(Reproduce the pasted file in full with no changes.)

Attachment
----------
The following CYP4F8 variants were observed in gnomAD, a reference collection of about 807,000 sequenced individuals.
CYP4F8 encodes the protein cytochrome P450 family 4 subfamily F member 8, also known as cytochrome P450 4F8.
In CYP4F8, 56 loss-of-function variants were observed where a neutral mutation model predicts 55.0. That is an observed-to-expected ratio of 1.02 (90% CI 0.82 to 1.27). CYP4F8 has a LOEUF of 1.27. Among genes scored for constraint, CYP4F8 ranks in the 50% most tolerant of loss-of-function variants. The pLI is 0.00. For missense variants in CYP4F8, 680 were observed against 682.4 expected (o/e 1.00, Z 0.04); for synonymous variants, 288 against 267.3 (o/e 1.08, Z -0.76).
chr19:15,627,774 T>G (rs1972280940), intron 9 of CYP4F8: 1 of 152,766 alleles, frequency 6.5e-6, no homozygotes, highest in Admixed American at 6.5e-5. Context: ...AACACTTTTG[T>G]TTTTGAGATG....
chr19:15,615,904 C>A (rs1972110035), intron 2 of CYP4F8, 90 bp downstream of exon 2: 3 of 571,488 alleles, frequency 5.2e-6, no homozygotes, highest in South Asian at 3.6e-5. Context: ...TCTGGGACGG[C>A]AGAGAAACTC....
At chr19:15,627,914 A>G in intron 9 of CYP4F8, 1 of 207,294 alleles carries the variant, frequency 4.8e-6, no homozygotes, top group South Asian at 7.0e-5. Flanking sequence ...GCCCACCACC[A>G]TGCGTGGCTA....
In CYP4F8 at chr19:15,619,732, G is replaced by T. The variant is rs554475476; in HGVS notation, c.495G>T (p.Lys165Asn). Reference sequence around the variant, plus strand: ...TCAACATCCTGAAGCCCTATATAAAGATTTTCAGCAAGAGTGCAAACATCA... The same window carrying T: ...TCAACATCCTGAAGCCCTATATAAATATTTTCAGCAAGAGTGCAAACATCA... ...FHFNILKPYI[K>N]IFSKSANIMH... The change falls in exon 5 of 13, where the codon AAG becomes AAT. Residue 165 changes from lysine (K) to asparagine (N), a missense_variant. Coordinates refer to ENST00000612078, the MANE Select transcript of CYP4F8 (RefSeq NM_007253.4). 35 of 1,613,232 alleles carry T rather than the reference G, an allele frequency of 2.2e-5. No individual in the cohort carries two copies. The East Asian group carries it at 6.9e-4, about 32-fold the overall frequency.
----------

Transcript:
The following CYP4F8 variants were observed in gnomAD, a reference collection of about 807,000 sequenced individuals.
CYP4F8 encodes the protein cytochrome P450 family 4 subfamily F member 8, also known as cytochrome P450 4F8.
In CYP4F8, 56 loss-of-function variants were observed where a neutral mutation model predicts 55.0. That is an observed-to-expected ratio of 1.02 (90% CI 0.82 to 1.27). CYP4F8 has a LOEUF of 1.27. Among genes scored for constraint, CYP4F8 ranks in the 50% most tolerant of loss-of-function variants. The pLI is 0.00. For missense variants in CYP4F8, 680 were observed against 682.4 expected (o/e 1.00, Z 0.04); for synonymous variants, 288 against 267.3 (o/e 1.08, Z -0.76).
chr19:15,627,774 T>G (rs1972280940), intron 9 of CYP4F8: 1 of 152,766 alleles, frequency 6.5e-6, no homozygotes, highest in Admixed American at 6.5e-5. Context: ...AACACTTTTG[T>G]TTTTGAGATG....
chr19:15,615,904 C>A (rs1972110035), intron 2 of CYP4F8, 90 bp downstream of exon 2: 3 of 571,488 alleles, frequency 5.2e-6, no homozygotes, highest in South Asian at 3.6e-5. Context: ...TCTGGGACGG[C>A]AGAGAAACTC....
At chr19:15,627,914 A>G in intron 9 of CYP4F8, 1 of 207,294 alleles carries the variant, frequency 4.8e-6, no homozygotes, top group South Asian at 7.0e-5. Flanking sequence ...GCCCACCACC[A>G]TGCGTGGCTA....
In CYP4F8 at chr19:15,619,732, G is replaced by T. The variant is rs554475476; in HGVS notation, c.495G>T (p.Lys165Asn). Reference sequence around the variant, plus strand: ...TCAACATCCTGAAGCCCTATATAAAGATTTTCAGCAAGAGTGCAAACATCA... The same window carrying T: ...TCAACATCCTGAAGCCCTATATAAATATTTTCAGCAAGAGTGCAAACATCA... ...FHFNILKPYI[K>N]IFSKSANIMH... The change falls in exon 5 of 13, where the codon AAG becomes AAT. Residue 165 changes from lysine (K) to asparagine (N), a missense_variant. Coordinates refer to ENST00000612078, the MANE Select transcript of CYP4F8 (RefSeq NM_007253.4). 35 of 1,613,232 alleles carry T rather than the reference G, an allele frequency of 2.2e-5. No individual in the cohort carries two copies. The East Asian group carries it at 6.9e-4, about 32-fold the overall frequency.